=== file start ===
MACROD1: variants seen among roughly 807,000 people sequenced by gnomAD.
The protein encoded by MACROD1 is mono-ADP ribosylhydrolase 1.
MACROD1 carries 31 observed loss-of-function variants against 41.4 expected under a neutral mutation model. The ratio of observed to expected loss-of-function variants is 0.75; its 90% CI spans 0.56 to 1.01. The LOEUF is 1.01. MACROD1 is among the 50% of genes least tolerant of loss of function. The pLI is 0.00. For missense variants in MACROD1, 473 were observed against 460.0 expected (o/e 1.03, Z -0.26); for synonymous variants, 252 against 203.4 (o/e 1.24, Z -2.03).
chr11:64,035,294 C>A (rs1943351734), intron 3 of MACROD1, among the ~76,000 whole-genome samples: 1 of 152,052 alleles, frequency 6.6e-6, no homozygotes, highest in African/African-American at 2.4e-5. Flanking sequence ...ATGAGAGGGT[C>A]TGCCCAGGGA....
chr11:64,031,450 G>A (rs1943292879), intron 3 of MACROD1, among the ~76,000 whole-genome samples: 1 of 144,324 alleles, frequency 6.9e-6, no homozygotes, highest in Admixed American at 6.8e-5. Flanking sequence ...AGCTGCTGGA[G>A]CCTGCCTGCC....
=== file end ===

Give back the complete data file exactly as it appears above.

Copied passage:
MACROD1: variants seen among roughly 807,000 people sequenced by gnomAD.
The protein encoded by MACROD1 is mono-ADP ribosylhydrolase 1.
MACROD1 carries 31 observed loss-of-function variants against 41.4 expected under a neutral mutation model. The ratio of observed to expected loss-of-function variants is 0.75; its 90% CI spans 0.56 to 1.01. The LOEUF is 1.01. MACROD1 is among the 50% of genes least tolerant of loss of function. The pLI is 0.00. For missense variants in MACROD1, 473 were observed against 460.0 expected (o/e 1.03, Z -0.26); for synonymous variants, 252 against 203.4 (o/e 1.24, Z -2.03).
chr11:64,035,294 C>A (rs1943351734), intron 3 of MACROD1, among the ~76,000 whole-genome samples: 1 of 152,052 alleles, frequency 6.6e-6, no homozygotes, highest in African/African-American at 2.4e-5. Flanking sequence ...ATGAGAGGGT[C>A]TGCCCAGGGA....
chr11:64,031,450 G>A (rs1943292879), intron 3 of MACROD1, among the ~76,000 whole-genome samples: 1 of 144,324 alleles, frequency 6.9e-6, no homozygotes, highest in Admixed American at 6.8e-5. Flanking sequence ...AGCTGCTGGA[G>A]CCTGCCTGCC....